Mystery Offenses

Philadelphia, PA (Sports Network) - Fantasy owners are all about getting reliable production from their starting lineup. Knowing that Drew Brees, Tom Brady or Adrian Peterson will consistently give you solid statistics week-in and week-out is why you pay such a high price for them.

What fantasy owners hate, is the unexpected. Which is why we owners always cringe when we think about starting a Mike Shanahan or Bill Belichick running back.

Who among us hasn't been messed with by one of these two coaches while trying to figure out which of their running backs will a) start and b) be the primary weapon that week.

This year is no different with Shanahan using three backs to varying degrees - Tim Hightower, Ryan Torain and Roy Helu. In New England, Belichick has used BenJarvis Green-Ellis, Shane Vereen, Stevan Ridley, Danny Woodhead and Kevin Faulk.

Lately, however, the situation has expanded to other teams and coaches.

In Tennessee, Javon Ringer was getting as much work over the past few games as first round draft choice Chris Johnson. Some people even started Ringer this week because he had been out-performing "CJ2K." So what happened on Sunday was that Johnson got 20 touches and combined for 110 yards from scrimmage while Ringer saw just five touches.

Out in Denver, the problem is in the receiving corps. Figuring out who Kyle Orton likes to throw to used to be easy - Brandon Lloyd. Tim Tebow is much harder to get a fix on. First of all, he'd rather run the ball than pass it - not a good trait for a quarterback. But when he does throw, its been about equal between Decker and Eddie Royal.

Further west Carson Palmer has taken over the starting Oakland quarterback role and he has mixed up all the wide receiver expectations. Darrius Heyward- Bey had averaged almost 11 targets-per-week over the last three games, but saw the ball just once on Sunday. Meanwhile, Denarius Moore saw a team-high 12 targets against the Broncos. Jacoby Ford was second on the team with six targets, Marcel Reece saw five looks and newcomer T.J. Houshmandzadeh saw four. It will be interesting to see if this is the new "order" for Raiders receivers.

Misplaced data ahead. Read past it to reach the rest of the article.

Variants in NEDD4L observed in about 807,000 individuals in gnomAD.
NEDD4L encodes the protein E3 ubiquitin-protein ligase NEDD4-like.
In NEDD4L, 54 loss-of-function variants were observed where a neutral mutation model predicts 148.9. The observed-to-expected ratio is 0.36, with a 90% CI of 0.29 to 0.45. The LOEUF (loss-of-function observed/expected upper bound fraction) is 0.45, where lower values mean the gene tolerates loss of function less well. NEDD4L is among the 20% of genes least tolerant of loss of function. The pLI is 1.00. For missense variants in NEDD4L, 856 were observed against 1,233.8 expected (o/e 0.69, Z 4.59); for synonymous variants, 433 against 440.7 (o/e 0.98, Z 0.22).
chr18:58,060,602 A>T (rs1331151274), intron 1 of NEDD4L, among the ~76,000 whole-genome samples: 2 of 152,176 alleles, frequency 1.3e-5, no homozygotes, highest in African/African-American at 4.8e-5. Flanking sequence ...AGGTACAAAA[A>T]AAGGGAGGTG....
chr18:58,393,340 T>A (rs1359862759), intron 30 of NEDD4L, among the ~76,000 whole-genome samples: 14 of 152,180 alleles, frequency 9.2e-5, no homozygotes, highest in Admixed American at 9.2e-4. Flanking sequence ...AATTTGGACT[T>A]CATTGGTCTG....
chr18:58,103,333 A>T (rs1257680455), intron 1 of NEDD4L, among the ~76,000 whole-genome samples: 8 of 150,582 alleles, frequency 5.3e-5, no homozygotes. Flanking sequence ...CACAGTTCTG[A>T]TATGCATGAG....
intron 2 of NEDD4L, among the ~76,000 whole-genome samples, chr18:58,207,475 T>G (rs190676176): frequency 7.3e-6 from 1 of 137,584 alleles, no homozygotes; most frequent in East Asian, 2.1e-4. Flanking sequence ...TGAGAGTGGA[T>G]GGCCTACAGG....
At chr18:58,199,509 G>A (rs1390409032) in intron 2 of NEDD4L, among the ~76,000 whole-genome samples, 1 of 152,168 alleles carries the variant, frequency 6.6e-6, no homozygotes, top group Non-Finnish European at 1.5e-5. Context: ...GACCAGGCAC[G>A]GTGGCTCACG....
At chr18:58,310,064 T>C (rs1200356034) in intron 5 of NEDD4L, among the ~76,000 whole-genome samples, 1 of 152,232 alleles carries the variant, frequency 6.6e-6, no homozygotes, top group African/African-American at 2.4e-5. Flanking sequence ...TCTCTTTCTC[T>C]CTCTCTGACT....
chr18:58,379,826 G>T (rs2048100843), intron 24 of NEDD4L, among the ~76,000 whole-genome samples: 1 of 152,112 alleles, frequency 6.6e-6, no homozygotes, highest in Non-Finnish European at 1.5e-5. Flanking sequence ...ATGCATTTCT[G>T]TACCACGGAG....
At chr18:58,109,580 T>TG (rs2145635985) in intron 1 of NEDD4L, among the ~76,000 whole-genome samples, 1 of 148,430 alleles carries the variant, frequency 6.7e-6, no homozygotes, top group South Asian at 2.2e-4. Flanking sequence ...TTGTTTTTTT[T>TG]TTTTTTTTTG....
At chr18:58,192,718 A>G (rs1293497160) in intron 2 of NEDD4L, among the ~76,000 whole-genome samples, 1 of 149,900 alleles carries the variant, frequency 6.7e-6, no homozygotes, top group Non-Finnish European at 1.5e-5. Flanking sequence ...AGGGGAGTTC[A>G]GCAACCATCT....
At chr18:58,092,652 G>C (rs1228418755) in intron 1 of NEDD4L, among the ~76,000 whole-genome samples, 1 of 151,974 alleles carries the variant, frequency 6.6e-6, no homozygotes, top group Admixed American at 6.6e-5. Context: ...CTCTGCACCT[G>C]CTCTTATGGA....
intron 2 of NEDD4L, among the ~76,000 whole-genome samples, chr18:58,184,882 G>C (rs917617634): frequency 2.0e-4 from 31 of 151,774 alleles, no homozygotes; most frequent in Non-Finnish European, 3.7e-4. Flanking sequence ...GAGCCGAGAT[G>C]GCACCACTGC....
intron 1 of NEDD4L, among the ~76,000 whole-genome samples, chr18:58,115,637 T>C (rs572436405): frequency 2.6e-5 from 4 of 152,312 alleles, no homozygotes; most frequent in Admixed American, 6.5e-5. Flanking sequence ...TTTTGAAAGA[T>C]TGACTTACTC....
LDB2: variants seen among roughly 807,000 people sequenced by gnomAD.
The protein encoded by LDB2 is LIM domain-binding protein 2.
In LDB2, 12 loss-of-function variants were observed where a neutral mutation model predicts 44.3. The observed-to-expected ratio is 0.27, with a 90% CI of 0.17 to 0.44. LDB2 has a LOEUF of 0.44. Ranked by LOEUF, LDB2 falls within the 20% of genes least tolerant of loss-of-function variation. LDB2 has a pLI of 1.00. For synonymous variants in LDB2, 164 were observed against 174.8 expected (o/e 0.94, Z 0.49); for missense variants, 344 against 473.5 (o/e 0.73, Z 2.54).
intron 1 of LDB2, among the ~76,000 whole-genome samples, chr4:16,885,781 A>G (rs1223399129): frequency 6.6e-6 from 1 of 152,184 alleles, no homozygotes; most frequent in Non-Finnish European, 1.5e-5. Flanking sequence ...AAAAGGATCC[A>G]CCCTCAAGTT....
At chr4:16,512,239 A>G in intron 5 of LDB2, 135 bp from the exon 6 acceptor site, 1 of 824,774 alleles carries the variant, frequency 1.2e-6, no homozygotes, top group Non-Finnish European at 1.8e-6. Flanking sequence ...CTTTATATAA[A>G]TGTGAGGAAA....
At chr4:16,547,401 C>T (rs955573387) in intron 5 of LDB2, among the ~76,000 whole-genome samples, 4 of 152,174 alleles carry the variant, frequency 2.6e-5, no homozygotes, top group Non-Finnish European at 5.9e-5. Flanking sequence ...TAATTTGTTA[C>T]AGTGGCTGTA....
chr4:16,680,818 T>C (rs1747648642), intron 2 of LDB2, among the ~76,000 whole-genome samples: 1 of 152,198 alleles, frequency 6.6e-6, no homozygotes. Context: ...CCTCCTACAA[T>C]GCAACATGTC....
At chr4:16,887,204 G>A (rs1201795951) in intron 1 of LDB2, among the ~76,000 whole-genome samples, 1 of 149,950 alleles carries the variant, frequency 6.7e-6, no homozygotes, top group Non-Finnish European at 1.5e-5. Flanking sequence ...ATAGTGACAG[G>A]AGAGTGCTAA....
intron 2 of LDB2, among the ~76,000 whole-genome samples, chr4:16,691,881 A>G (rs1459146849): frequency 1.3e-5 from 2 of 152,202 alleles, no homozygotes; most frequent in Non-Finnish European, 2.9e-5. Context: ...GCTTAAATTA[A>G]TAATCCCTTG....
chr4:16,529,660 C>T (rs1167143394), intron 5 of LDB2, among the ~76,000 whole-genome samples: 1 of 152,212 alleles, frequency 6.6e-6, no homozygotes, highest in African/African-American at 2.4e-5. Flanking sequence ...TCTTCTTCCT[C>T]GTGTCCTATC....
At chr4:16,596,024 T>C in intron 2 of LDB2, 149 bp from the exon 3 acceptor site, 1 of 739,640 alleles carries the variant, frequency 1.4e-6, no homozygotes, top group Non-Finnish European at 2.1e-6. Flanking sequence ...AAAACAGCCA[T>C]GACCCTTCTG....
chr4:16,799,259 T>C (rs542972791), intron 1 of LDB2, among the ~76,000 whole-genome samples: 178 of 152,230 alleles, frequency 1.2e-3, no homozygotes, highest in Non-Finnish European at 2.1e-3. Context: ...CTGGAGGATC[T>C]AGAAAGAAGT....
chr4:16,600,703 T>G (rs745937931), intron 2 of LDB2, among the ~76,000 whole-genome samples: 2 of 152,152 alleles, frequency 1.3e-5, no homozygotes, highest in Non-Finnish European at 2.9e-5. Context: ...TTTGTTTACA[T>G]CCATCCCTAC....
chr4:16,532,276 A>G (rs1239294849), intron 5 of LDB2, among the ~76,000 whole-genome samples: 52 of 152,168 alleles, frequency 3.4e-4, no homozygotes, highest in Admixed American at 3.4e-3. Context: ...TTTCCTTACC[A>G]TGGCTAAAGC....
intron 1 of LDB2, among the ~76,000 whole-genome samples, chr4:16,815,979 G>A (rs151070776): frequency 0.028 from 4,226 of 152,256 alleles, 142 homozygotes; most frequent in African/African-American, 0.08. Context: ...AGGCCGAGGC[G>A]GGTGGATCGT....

Here are a few more statistics that may surprise you and force you to take a different view of various players.

Greg Little is the No.1 receiver in Cleveland, ahead of Mohamed Massaquoi and Josh Cribbs. He's been targeted 38 times in the past four weeks after just 21 in the team's first four games.

Pierre Garcon has almost as many targets (75) as his more well-known fellow starter Reggie Wayne (77) and has more than Wayne over the past four games.

Since their bye week, Rob Gronkowski has more looks than Wes Welker (24-18). After a scalding hot start, teams are keying on Welker and Gronkowski could be a better play in the second half of the season. He's also great in the red zone with six touchdowns.

Over the past five games, Victor Cruz has seen the ball more than Mario Manningham (44-38).

Jeremy Maclin is having a much better season than his counterpart DeSean Jackson. He's got 40 receptions in 54 targets versus 27 of 50 for Jackson.

Joe McKnight had almost double the rushing attempts of LaDainian Tomlinson. LT, however, is the guy in the red zone and will get more touchdowns than McKnight or Shonn Greene.

Julio Jones is out-performing Roddy White. Jones is averaging 81.5 ypg while White is averaging just 62.6 ypg.

Daniel Thomas was healthy, but Reggie Bush got the majority of the carries and Bush's performance (13-92-1) should earn him a continue primary running back role.

Roy Helu got the start in Washington and showed a great deal of ability in the passing game. Besides averaging 4.1 yards on the ground, he caught 14 balls for 105 yards. He should be a very active name on the waiver wire this week.

With better known receivers like Mike Wallace and Hines Ward, it's Antonio Brown who leads the Pittsburgh Steelers in targets and is a great play in the second half of the season. With little notoriety, the price to get him should be reasonably and you should attempt to trade for Brown.

One of the keys to winning your league is the ability to spot trends and take advantage of them. Time is running out...get to work and make the moves to win a championship.

Comments? Criticism? Applause? Contact Steve Schwarz at